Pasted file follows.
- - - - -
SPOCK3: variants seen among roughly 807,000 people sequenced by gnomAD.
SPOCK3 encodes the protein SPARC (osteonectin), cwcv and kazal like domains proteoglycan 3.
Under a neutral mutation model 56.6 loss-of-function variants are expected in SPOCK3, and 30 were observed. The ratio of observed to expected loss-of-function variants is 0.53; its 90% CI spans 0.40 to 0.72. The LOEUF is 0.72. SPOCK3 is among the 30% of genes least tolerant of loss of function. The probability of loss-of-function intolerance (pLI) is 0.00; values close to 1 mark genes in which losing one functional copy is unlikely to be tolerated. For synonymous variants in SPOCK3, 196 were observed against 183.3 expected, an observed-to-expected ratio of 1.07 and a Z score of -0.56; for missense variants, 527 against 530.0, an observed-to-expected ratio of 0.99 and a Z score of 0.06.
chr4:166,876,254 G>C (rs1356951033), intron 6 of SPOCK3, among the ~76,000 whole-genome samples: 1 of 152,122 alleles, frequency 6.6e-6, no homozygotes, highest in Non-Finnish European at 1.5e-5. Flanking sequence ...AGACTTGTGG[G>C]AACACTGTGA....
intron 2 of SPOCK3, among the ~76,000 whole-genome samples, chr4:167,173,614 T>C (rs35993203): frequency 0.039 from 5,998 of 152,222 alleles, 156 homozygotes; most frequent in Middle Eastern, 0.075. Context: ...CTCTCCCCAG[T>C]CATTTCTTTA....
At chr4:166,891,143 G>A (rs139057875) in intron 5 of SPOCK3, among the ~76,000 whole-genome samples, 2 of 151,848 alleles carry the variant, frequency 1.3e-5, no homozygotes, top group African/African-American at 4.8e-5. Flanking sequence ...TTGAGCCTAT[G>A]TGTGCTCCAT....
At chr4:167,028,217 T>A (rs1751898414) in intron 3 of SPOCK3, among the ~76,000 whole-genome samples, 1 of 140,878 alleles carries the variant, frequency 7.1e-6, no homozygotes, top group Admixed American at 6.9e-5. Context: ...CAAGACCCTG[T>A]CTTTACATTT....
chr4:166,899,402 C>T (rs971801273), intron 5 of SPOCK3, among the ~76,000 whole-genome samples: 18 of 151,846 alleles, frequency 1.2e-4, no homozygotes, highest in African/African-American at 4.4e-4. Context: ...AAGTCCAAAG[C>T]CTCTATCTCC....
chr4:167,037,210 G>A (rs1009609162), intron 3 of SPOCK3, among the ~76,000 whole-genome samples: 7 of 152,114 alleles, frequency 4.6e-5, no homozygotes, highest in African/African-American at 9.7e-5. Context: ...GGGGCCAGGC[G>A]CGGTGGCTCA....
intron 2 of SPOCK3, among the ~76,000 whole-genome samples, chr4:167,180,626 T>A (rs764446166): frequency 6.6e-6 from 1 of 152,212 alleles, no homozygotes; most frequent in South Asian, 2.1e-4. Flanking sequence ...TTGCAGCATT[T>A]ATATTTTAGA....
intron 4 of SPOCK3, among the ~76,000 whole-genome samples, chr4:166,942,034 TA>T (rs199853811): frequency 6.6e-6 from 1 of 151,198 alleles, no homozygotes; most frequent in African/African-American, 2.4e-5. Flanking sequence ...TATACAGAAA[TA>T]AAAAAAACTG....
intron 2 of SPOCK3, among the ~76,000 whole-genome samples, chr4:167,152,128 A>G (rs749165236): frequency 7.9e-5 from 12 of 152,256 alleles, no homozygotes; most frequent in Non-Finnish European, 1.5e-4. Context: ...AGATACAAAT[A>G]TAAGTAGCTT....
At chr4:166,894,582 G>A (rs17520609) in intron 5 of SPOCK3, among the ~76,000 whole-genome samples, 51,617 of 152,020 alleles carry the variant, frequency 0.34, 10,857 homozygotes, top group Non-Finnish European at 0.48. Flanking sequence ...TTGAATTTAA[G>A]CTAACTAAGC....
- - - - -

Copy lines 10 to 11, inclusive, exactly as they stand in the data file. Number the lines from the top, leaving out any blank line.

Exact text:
intron 2 of SPOCK3, among the ~76,000 whole-genome samples, chr4:167,180,626 T>A (rs764446166): frequency 6.6e-6 from 1 of 152,212 alleles, no homozygotes; most frequent in South Asian, 2.1e-4. Flanking sequence ...TTGCAGCATT[T>A]ATATTTTAGA....
intron 4 of SPOCK3, among the ~76,000 whole-genome samples, chr4:166,942,034 TA>T (rs199853811): frequency 6.6e-6 from 1 of 151,198 alleles, no homozygotes; most frequent in African/African-American, 2.4e-5. Flanking sequence ...TATACAGAAA[TA>T]AAAAAAACTG....